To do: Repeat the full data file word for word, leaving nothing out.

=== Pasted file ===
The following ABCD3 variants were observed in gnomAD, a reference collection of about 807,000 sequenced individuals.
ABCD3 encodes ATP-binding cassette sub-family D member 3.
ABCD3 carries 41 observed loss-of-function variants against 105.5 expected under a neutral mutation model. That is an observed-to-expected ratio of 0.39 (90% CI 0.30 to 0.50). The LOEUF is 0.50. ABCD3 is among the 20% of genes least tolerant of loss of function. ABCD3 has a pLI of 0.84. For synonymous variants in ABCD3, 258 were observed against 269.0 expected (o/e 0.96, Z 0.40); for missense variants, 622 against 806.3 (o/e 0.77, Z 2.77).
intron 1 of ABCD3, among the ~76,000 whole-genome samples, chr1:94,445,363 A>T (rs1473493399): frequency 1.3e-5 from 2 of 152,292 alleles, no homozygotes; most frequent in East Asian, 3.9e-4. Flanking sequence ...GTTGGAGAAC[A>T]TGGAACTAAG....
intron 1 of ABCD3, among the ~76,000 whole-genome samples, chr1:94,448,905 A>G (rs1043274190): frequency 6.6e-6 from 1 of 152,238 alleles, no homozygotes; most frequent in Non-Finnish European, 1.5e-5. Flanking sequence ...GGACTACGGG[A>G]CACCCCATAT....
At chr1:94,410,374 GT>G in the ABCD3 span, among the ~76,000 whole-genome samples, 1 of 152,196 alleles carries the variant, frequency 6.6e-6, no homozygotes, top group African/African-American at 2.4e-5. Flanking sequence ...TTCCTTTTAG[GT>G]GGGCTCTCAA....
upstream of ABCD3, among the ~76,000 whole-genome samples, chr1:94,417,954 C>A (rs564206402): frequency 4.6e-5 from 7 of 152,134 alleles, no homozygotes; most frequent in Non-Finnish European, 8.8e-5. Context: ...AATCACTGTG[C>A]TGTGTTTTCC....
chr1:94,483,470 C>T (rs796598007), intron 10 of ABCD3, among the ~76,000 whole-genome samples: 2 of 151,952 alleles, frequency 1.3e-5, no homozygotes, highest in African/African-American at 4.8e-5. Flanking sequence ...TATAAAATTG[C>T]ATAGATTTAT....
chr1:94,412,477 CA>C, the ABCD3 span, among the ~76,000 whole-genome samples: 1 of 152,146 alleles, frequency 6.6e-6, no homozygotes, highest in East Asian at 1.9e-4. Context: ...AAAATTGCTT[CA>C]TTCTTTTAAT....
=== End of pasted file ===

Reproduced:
The following ABCD3 variants were observed in gnomAD, a reference collection of about 807,000 sequenced individuals.
ABCD3 encodes ATP-binding cassette sub-family D member 3.
ABCD3 carries 41 observed loss-of-function variants against 105.5 expected under a neutral mutation model. That is an observed-to-expected ratio of 0.39 (90% CI 0.30 to 0.50). The LOEUF is 0.50. ABCD3 is among the 20% of genes least tolerant of loss of function. ABCD3 has a pLI of 0.84. For synonymous variants in ABCD3, 258 were observed against 269.0 expected (o/e 0.96, Z 0.40); for missense variants, 622 against 806.3 (o/e 0.77, Z 2.77).
intron 1 of ABCD3, among the ~76,000 whole-genome samples, chr1:94,445,363 A>T (rs1473493399): frequency 1.3e-5 from 2 of 152,292 alleles, no homozygotes; most frequent in East Asian, 3.9e-4. Flanking sequence ...GTTGGAGAAC[A>T]TGGAACTAAG....
intron 1 of ABCD3, among the ~76,000 whole-genome samples, chr1:94,448,905 A>G (rs1043274190): frequency 6.6e-6 from 1 of 152,238 alleles, no homozygotes; most frequent in Non-Finnish European, 1.5e-5. Flanking sequence ...GGACTACGGG[A>G]CACCCCATAT....
At chr1:94,410,374 GT>G in the ABCD3 span, among the ~76,000 whole-genome samples, 1 of 152,196 alleles carries the variant, frequency 6.6e-6, no homozygotes, top group African/African-American at 2.4e-5. Flanking sequence ...TTCCTTTTAG[GT>G]GGGCTCTCAA....
upstream of ABCD3, among the ~76,000 whole-genome samples, chr1:94,417,954 C>A (rs564206402): frequency 4.6e-5 from 7 of 152,134 alleles, no homozygotes; most frequent in Non-Finnish European, 8.8e-5. Context: ...AATCACTGTG[C>A]TGTGTTTTCC....
chr1:94,483,470 C>T (rs796598007), intron 10 of ABCD3, among the ~76,000 whole-genome samples: 2 of 151,952 alleles, frequency 1.3e-5, no homozygotes, highest in African/African-American at 4.8e-5. Flanking sequence ...TATAAAATTG[C>T]ATAGATTTAT....
chr1:94,412,477 CA>C, the ABCD3 span, among the ~76,000 whole-genome samples: 1 of 152,146 alleles, frequency 6.6e-6, no homozygotes, highest in East Asian at 1.9e-4. Context: ...AAAATTGCTT[CA>C]TTCTTTTAAT....